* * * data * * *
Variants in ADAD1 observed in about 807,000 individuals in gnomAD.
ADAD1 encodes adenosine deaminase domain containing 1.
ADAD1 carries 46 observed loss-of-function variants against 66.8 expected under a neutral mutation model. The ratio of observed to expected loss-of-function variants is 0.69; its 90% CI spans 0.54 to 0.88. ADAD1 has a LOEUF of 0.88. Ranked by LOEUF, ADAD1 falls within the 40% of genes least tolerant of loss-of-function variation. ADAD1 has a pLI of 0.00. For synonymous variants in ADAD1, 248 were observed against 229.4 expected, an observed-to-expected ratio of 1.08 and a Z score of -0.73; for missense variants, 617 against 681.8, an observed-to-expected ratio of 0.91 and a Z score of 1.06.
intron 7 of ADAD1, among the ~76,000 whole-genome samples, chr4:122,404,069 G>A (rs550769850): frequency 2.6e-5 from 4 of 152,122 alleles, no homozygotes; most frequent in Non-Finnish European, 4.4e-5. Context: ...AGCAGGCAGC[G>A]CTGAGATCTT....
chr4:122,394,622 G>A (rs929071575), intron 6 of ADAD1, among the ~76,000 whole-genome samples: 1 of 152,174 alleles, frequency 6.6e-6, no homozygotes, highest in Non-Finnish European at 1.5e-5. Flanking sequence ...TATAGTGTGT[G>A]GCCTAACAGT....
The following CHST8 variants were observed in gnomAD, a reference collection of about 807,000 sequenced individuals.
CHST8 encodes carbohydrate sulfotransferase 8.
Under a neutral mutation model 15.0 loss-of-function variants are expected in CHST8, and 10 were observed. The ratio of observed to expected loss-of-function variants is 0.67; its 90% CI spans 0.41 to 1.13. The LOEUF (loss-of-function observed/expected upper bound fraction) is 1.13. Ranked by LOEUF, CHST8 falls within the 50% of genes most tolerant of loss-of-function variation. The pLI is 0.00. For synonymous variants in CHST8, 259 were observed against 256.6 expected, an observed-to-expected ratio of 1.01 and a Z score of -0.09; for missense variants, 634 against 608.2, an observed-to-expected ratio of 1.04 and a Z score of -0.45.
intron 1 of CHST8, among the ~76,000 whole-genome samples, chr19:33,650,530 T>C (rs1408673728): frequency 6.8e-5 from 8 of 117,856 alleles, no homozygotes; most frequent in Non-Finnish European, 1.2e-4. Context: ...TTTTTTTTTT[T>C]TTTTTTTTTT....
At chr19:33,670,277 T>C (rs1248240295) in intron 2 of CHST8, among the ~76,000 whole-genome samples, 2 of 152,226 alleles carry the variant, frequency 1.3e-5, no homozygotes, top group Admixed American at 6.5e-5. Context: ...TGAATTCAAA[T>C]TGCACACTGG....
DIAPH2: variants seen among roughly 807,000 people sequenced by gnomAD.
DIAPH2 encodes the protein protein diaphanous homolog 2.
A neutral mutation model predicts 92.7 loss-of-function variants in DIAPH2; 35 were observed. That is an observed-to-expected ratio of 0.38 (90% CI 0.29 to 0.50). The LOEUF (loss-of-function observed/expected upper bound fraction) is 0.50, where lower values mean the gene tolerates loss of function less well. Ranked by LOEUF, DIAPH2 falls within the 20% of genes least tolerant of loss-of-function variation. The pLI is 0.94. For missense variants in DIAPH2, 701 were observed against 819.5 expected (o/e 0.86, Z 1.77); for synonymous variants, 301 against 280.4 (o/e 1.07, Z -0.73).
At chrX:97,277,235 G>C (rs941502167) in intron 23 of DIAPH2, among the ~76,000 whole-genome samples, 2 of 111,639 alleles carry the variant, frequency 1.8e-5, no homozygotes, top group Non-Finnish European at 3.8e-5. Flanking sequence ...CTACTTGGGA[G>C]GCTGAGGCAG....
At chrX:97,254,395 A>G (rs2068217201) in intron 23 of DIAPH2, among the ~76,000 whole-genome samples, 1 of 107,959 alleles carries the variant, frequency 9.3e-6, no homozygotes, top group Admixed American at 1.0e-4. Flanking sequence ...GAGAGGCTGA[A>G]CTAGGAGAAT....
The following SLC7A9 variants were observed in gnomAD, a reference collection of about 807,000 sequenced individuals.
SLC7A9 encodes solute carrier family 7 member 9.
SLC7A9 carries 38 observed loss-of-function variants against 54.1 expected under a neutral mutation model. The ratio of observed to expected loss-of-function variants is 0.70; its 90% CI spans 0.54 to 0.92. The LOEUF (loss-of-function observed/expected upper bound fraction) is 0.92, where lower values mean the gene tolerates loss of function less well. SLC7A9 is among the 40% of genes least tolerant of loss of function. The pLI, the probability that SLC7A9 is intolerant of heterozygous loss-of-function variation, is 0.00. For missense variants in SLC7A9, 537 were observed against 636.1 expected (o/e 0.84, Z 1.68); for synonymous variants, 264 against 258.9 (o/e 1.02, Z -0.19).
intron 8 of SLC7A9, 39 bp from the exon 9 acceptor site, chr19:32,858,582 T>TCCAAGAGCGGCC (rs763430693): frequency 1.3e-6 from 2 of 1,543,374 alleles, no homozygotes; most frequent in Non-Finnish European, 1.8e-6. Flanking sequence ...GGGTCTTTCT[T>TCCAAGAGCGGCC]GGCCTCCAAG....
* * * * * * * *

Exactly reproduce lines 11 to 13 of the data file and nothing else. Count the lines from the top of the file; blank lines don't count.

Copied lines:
DIAPH2: variants seen among roughly 807,000 people sequenced by gnomAD.
DIAPH2 encodes the protein protein diaphanous homolog 2.
A neutral mutation model predicts 92.7 loss-of-function variants in DIAPH2; 35 were observed. That is an observed-to-expected ratio of 0.38 (90% CI 0.29 to 0.50). The LOEUF (loss-of-function observed/expected upper bound fraction) is 0.50, where lower values mean the gene tolerates loss of function less well. Ranked by LOEUF, DIAPH2 falls within the 20% of genes least tolerant of loss-of-function variation. The pLI is 0.94. For missense variants in DIAPH2, 701 were observed against 819.5 expected (o/e 0.86, Z 1.77); for synonymous variants, 301 against 280.4 (o/e 1.07, Z -0.73).